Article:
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US officials warn of new hacking tools that could be used to target energy facilities

The tools could help a hacker burrow into an industrial computer network and “disrupt critical devices or functions,” said the Department of Energy, the FBI, the National Security Agency and the Cybersecurity and Infrastructure Security Agency in an advisory.

There are no reports of the malicious code being used in cyberattacks. But US officials and cybersecurity experts urged organizations to harden their defenses because the malicious software could be used to disrupt critical infrastructure if successfully deployed.

The hacking tools could permit “lower-skilled cyber actors to emulate higher-skilled actor capabilities,” the US agencies said.

The agencies did not identify who was responsible for developing the hacking tools or in what country they had been developed. CNN has requested comment from the agencies.

Two US cybersecurity firms that analyzed the hacking tools, Dragos and Mandiant, said the malicious software was likely state-sponsored. Mandiant analysts called it “an exceptionally rare and dangerous cyber attack capability.”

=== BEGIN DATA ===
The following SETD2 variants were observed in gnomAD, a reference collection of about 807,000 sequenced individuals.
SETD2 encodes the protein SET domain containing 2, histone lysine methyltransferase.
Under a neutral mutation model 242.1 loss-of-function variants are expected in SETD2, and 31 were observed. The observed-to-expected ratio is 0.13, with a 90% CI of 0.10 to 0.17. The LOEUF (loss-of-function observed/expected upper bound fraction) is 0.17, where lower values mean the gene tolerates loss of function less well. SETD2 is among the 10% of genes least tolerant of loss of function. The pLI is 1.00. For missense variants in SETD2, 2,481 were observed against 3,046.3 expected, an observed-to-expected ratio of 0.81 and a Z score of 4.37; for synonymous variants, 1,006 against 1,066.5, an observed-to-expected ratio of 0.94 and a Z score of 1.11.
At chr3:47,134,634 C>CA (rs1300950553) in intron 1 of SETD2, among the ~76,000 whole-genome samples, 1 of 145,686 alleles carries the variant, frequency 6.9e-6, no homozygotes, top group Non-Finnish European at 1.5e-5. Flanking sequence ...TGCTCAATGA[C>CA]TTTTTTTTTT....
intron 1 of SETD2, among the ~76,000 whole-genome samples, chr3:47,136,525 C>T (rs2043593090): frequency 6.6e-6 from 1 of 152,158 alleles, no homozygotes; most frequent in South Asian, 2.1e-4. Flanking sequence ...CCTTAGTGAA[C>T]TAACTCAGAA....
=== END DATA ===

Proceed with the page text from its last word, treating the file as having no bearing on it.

“We are unable to associate (the hacking tools) with any previously tracked group at this stage of our analysis, but we note the activity is consistent with Russia’s historical interest” in industrial control systems, Mandiant analysts said. The tools pose “the greatest threat to Ukraine, NATO member states, and other states actively responding to Russia’s invasion of Ukraine,” the analysts added.

For years, multiple state-linked hacking groups, including some tied to Russia, China and Iran, have taken an interest in infiltrating industrial computer networks. Doing so generally takes specialized knowledge and skill that is different from hacking a business computer network.

For their part, US and Israeli hackers were reportedly behind the 2009 cyber operation against an Iranian facility for nuclear energy.
Ukrainian authorities on Tuesday accused a hacking group linked with Russian military intelligence of trying to sabotage an electric utility that served about 2 million people in Ukraine. Ukrainian officials said the attack had been thwarted and had not affected the provision of electricity at the utility.

The Justice Department has blamed the same Russian hacking group for causing power outages in Ukraine in 2015 and 2016. Those cyberattacks are the only two hacks on record that have successfully caused power outages, according to analysts.

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